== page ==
Academic journal article Utrecht Studies in Language and Communication

Incorporating Second Language Acquisition Research into Teacher Education

Academic journal article Utrecht Studies in Language and Communication

Incorporating Second Language Acquisition Research into Teacher Education

Article excerpt

1 Introduction

Among the linguistic issues that should play an important role in teacher education, we would like to focus on two: (i) how formal features realized in the target language are represented in the mind of the native speaker and (ii) how native speakers deal with ambiguity. While the first issue occupies a central place (directly or indirectly) in teacher training, even when grammar and formal instruction are not the focus of a given program, the second issue, to the best of our knowledge, is seldom if ever addressed. We have chosen to discuss these two somehow different linguistic issues because recent research provides us with information about the nature of the intuitions and representations that second language learners need to internalize for achieving native-like competence in the target language.

As we state in Liceras (2010), formal features were already relevant for interlanguage descriptions carried out by the researchers who pioneered the adoption of the Extended Standard Theory (Chomsky, 1977) and the Government and Binding model (Chomsky, 1981) for the analysis of native and non-native systems (Flynn, 1983; Liceras, 1983; Mazurkevich, 1984; White, 1985, among others). However, it is within Chomsky's Minimalist Program (Chomsky, 1995, 2000; Hornstein, Nunes and Grohmann 2005, among others) that formal syntactic features become the center of leamability theory, the reason being that they are conceptualized as the elementary building units of linguistic structure. That is to say, the realization of formal features such as gender or case in a given language determines the structure of that language. Furthermore, formal features constitute one of the most recalcitrant problems that adult language learners have to confront when acquiring a non-native grammar.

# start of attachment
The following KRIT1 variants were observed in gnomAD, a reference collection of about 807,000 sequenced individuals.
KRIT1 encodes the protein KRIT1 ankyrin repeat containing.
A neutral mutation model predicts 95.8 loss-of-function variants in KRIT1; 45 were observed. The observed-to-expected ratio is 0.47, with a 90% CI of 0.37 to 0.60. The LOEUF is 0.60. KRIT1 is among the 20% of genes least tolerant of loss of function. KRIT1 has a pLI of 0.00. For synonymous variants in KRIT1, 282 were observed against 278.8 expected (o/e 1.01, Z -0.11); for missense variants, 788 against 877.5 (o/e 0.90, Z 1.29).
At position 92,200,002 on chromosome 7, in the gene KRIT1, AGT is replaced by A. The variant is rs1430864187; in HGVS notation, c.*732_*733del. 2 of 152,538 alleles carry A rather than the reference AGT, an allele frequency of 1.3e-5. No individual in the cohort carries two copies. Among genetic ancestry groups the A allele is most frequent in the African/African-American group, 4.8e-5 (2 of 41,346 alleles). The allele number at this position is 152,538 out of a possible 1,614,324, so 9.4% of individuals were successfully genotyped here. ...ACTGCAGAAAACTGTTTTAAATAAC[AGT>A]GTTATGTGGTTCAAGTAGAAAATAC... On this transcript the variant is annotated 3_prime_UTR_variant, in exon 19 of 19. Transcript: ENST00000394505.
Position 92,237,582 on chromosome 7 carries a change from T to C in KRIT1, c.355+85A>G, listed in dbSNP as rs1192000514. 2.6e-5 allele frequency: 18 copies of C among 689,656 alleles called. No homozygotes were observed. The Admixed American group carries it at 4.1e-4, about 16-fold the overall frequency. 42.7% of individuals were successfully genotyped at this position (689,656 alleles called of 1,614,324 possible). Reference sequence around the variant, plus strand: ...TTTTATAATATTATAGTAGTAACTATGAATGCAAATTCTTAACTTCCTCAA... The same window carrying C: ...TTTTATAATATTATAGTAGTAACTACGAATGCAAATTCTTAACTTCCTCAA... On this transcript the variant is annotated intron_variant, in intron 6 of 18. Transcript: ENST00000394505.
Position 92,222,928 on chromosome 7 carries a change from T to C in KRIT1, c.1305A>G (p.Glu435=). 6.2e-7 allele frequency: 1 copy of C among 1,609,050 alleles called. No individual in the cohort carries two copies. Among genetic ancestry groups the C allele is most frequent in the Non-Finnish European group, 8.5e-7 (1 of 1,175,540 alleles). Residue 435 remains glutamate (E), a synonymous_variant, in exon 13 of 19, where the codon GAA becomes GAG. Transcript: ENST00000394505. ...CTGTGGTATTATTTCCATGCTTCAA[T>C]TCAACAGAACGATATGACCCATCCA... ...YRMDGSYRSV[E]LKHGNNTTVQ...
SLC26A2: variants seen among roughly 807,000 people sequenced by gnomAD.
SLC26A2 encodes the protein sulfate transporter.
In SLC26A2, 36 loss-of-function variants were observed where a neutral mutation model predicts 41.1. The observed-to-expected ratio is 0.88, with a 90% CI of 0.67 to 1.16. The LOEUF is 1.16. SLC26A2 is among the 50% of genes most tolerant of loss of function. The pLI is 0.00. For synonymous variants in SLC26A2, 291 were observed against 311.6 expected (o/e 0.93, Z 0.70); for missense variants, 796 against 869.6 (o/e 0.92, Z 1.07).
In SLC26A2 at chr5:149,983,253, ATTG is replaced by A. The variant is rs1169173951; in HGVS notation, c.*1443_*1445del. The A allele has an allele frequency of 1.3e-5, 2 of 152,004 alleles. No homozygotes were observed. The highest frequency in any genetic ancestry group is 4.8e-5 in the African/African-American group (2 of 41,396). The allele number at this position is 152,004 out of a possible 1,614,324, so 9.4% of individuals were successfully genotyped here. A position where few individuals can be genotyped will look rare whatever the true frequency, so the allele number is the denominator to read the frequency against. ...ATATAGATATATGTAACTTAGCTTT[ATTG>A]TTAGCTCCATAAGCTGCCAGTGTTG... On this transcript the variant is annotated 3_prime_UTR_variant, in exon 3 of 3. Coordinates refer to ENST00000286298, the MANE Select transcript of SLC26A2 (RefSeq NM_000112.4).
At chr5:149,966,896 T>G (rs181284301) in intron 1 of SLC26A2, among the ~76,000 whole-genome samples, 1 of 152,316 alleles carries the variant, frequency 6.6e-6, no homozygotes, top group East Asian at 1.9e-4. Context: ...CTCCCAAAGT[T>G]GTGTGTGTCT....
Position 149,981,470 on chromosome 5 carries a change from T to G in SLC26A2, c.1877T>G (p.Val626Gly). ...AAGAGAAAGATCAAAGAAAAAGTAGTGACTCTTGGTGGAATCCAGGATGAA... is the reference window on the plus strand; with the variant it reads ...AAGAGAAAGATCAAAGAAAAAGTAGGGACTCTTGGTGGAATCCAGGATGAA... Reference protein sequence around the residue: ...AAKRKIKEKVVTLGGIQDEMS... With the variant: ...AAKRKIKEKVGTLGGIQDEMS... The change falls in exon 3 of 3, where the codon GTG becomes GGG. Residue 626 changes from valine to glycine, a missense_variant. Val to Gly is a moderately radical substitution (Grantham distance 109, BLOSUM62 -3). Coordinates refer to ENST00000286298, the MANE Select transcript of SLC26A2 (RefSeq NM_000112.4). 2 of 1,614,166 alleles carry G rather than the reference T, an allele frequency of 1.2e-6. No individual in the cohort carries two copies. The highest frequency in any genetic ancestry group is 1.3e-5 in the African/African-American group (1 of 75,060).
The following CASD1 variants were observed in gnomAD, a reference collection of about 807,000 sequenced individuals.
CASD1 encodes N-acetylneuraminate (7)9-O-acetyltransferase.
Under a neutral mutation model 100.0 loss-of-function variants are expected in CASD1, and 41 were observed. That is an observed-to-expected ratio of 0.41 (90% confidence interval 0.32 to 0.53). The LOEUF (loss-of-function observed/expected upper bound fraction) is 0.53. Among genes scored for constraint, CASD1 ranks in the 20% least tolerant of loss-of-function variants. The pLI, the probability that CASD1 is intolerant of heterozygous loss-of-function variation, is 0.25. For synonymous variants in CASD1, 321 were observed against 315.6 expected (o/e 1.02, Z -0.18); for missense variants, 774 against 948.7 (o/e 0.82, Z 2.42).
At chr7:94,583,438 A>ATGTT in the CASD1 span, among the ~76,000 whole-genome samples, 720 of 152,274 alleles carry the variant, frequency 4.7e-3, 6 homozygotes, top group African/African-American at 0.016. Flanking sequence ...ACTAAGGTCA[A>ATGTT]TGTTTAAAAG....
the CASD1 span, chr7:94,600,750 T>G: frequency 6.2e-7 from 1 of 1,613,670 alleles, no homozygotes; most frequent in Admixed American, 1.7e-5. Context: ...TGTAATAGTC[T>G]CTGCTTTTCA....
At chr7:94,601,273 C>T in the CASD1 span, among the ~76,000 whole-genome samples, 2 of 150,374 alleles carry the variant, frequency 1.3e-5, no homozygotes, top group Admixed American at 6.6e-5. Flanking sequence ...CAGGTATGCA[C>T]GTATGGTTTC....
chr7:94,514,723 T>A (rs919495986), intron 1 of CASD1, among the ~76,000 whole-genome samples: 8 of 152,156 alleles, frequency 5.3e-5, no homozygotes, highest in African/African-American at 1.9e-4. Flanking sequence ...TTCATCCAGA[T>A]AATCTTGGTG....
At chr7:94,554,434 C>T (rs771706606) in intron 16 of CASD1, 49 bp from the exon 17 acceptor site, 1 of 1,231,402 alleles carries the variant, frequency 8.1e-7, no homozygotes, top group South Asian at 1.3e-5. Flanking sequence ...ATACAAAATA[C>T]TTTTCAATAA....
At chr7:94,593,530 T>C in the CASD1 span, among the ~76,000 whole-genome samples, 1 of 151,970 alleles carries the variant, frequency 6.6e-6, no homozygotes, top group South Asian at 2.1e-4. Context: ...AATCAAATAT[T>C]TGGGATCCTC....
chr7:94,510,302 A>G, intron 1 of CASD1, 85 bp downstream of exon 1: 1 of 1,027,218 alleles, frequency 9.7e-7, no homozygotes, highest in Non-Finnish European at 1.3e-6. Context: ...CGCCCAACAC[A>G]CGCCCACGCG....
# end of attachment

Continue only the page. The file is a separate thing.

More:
In this chapter we show that Spanish dominant English-Spanish bilinguals not only classify Spanish Nouns according to the formal feature gender, but also English Nouns. We base this assertion on the code-switching preferences these bilinguals display when confronted with Determiner Phrases (DPs) such as those in (1) and (2).

(1) laffem.] h0USe[casa_fem.] / ®l[masc.] bookpihro-ma».]

(2) dfmasc.] house[casa_fem ] / lagern.] book[|it,ro_masc ]

What experimental research using acceptability judgments has shown (Liceras et al, 2008; Valenzuela et al, 2012; Liceras et al, 2012, 2013) is that Spanish dominant English-Spanish bilinguals significantly prefer the matching options in (1) where the Spanish Determiner agrees with the Spanish translation equivalent of the English Noun or the English DP respectively, over the non-matching options in (lb) and (2b) where no such agreement holds. We would like to argue that making language teachers aware of this representation of gender may provide them with tools to manipulate classroom input and/or to prepare language teaching materials. While deciding on how to deal with agreement patterns poses important challenges for teacher education, the actual object of description or analysis is rather straightforward. However, dealing with processing preferences poses greater challenges not only in terms of whether or not we should incorporate this issue into teacher education but also in terms of the elusive nature of the preferences. In fact, and even though preferences can be defined structurally in a clear-cut way, they can be blurred by pragmatic factors and even sociological and cultural factors. For instance, it has been shown that in the case of native speakers of languages such as Spanish, the ambiguity in (3a) tends to be resolved by the so-called low attachment processing strategy.

(3a) Ayer nos encontramos con la hermana[NPi] del arquitecto^] [que_ vive en Singapur]

(3b) ¿Quién vive en Singapur la hermana del arquitecto o el arquitecto? Namely, when answering the question in (3b) there is a clear preference for choosing NP1, la hermana, the head of the relative clause antecedent, rather than NP2, el arquitecto. …

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